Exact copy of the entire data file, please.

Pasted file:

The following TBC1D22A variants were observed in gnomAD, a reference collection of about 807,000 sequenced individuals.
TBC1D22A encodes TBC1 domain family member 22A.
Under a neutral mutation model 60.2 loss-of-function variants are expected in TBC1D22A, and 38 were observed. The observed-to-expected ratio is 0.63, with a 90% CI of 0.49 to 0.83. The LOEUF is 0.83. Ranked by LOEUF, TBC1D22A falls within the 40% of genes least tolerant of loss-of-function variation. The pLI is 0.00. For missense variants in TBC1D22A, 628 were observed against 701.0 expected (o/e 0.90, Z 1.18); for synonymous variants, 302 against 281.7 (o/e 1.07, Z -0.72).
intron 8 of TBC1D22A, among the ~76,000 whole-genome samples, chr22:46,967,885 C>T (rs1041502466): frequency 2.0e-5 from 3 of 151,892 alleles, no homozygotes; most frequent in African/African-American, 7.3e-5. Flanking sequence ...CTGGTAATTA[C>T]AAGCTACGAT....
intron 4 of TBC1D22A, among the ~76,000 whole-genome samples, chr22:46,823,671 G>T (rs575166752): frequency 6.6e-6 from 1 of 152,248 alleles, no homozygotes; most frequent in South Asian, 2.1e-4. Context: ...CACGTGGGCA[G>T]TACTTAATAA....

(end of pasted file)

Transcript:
The following TBC1D22A variants were observed in gnomAD, a reference collection of about 807,000 sequenced individuals.
TBC1D22A encodes TBC1 domain family member 22A.
Under a neutral mutation model 60.2 loss-of-function variants are expected in TBC1D22A, and 38 were observed. The observed-to-expected ratio is 0.63, with a 90% CI of 0.49 to 0.83. The LOEUF is 0.83. Ranked by LOEUF, TBC1D22A falls within the 40% of genes least tolerant of loss-of-function variation. The pLI is 0.00. For missense variants in TBC1D22A, 628 were observed against 701.0 expected (o/e 0.90, Z 1.18); for synonymous variants, 302 against 281.7 (o/e 1.07, Z -0.72).
intron 8 of TBC1D22A, among the ~76,000 whole-genome samples, chr22:46,967,885 C>T (rs1041502466): frequency 2.0e-5 from 3 of 151,892 alleles, no homozygotes; most frequent in African/African-American, 7.3e-5. Flanking sequence ...CTGGTAATTA[C>T]AAGCTACGAT....
intron 4 of TBC1D22A, among the ~76,000 whole-genome samples, chr22:46,823,671 G>T (rs575166752): frequency 6.6e-6 from 1 of 152,248 alleles, no homozygotes; most frequent in South Asian, 2.1e-4. Context: ...CACGTGGGCA[G>T]TACTTAATAA....